Convective instability is a situation in which the troposphere can be made more unstable due to the lifting of air. This lifting needs to be dynamic lifting (low level convergence, upper level divergence) that causes lifting throughout or most of the troposphere. Convective instability can take an already unstable troposphere and make it even more unstable. Thus, it is an important process to study when it comes to forecasting for severe weather.

Generally when the troposphere is unstable there will be warm and humid air in the boundary layer with cold air aloft (or cold and very dry aloft). It is the layer of dry air aloft that is important to enhancing convective instability. When air is lifted, the lifted air will either be unsaturated or saturated. When the air is saturated the air will cool at the wet adiabatic lapse rate which varies but we will say it is around 5 C/km for the purposes of this writing. The air does not cool as much as it could while rising since the heat of condensation from the moisture condensing out of the air is offsetting some of the adiabatic cooling. When the air is not saturated it will cool at the dry adiabatic lapse rate which for the purposes of this writing is about 10 C/km (or about half the wet adiabatic rate). Thus, rising air COOLS MORE when it is unsaturated since there is no condensational warming. An unstable situation is to have warm/moist air near the surface with cold air aloft. If that cold air aloft is dry, then when that air aloft is lifted it will be made even colder. This is how convective instability works. The troposphere is made even more unstable by lifting the layer of air aloft at the dry adiabatic lapse rate to make it even colder. This will decrease the LI and increase the CAPE (in other words making these index values more unstable).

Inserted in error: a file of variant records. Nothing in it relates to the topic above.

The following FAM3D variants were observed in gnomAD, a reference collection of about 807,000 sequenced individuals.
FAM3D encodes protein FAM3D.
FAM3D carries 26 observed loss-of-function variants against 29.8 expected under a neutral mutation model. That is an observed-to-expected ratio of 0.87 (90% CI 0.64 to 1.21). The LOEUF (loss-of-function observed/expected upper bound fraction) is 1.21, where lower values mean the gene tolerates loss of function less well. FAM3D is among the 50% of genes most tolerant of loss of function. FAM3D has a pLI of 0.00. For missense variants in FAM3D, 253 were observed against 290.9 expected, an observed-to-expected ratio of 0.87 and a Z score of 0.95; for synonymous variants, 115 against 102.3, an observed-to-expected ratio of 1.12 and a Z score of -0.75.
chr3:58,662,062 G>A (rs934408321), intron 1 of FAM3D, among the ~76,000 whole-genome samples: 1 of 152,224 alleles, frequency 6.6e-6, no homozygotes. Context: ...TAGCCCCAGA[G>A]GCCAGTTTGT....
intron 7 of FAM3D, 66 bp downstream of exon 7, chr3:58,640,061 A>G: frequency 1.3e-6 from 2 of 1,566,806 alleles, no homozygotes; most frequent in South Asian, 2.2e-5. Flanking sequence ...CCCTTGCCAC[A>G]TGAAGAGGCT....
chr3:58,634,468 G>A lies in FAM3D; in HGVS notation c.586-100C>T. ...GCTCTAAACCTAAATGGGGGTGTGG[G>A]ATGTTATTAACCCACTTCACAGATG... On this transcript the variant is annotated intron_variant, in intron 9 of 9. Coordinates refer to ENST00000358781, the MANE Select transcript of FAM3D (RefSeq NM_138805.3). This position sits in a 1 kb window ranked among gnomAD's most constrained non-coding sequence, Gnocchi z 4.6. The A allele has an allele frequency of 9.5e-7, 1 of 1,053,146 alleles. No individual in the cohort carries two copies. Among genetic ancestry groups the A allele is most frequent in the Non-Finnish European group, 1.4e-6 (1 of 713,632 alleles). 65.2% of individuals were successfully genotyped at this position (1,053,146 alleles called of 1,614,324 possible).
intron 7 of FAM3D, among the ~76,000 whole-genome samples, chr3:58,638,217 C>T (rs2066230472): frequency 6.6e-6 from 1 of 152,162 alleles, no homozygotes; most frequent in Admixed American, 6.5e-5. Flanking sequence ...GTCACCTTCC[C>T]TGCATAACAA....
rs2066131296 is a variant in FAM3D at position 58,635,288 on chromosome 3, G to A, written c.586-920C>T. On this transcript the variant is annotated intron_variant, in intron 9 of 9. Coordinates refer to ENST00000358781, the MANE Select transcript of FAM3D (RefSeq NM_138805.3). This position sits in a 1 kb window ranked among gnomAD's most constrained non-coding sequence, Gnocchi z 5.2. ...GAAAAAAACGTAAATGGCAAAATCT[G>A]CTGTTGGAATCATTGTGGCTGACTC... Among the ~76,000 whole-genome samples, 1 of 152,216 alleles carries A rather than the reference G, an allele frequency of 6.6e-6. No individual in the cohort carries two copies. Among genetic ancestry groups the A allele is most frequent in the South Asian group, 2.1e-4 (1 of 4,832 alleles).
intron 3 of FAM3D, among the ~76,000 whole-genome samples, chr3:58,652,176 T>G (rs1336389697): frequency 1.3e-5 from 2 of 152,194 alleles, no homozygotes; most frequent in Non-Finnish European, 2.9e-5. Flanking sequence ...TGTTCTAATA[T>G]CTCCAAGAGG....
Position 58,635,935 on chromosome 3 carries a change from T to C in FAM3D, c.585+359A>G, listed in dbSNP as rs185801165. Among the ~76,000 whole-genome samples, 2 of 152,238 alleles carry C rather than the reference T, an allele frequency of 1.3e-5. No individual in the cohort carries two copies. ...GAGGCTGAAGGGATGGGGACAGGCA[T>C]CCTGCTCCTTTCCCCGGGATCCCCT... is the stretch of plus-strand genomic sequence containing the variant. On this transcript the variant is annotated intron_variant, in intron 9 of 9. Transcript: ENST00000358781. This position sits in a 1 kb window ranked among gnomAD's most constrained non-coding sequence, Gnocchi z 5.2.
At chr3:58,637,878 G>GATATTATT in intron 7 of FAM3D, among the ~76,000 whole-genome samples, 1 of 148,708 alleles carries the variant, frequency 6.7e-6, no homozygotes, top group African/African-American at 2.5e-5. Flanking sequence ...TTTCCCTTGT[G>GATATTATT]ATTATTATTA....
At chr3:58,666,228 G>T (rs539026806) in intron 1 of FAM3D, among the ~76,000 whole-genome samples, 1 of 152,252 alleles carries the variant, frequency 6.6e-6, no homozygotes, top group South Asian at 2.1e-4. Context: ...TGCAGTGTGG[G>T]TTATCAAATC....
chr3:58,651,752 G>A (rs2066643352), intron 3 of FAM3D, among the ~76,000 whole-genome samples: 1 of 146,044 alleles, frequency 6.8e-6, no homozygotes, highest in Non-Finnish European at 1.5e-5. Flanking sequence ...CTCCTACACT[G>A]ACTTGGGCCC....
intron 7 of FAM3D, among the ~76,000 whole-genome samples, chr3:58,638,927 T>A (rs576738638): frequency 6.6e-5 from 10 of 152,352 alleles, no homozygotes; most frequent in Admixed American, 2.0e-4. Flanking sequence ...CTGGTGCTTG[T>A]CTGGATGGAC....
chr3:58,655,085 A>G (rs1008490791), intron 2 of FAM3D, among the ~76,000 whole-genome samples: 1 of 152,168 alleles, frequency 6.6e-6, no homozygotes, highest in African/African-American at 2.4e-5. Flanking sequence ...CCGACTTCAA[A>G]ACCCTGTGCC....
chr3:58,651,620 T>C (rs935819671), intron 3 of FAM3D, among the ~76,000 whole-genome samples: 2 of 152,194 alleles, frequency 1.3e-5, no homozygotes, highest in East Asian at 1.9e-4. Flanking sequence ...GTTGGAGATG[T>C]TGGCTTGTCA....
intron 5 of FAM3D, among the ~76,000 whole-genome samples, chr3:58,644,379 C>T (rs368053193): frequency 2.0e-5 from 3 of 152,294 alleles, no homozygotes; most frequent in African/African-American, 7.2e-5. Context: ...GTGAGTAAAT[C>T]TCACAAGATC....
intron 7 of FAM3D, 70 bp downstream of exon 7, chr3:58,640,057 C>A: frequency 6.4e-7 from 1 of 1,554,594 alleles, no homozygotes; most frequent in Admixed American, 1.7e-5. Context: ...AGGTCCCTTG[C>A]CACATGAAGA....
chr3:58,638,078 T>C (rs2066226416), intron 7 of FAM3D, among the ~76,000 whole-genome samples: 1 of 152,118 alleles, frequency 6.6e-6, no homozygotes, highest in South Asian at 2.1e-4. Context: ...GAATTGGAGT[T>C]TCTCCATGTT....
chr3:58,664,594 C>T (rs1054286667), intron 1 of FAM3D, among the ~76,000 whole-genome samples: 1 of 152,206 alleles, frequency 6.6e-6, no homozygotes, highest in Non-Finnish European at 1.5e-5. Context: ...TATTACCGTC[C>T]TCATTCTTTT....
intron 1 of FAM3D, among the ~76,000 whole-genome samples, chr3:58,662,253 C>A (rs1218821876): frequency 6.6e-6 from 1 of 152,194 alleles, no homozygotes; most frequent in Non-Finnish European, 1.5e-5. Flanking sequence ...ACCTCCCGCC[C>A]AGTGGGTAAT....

The diagram below is a visual of how the convective instability process works. First, there needs to be lifting that takes place by a dynamic lifting mechanism throughout the troposphere (or at least through a deep layer of the troposphere including where the dry air is aloft). This lifting cools the middle and upper troposphere more than the saturated air rising from closer to the surface. The air aloft in the cold/dry layer is cooling by 10 C/km at the dry adiabatic lapse rate while the air closer to the surface is cooling only by half this much each kilometer of lift. This results in the air in the dry layer cooling at a greater rate than the air closer to the surface. This increases the lapse rate of temperature with height and thus increases the instability. Convective instability can take an unstable troposphere that can support severe weather and make it even more unstable with the ability to support more intense severe weather.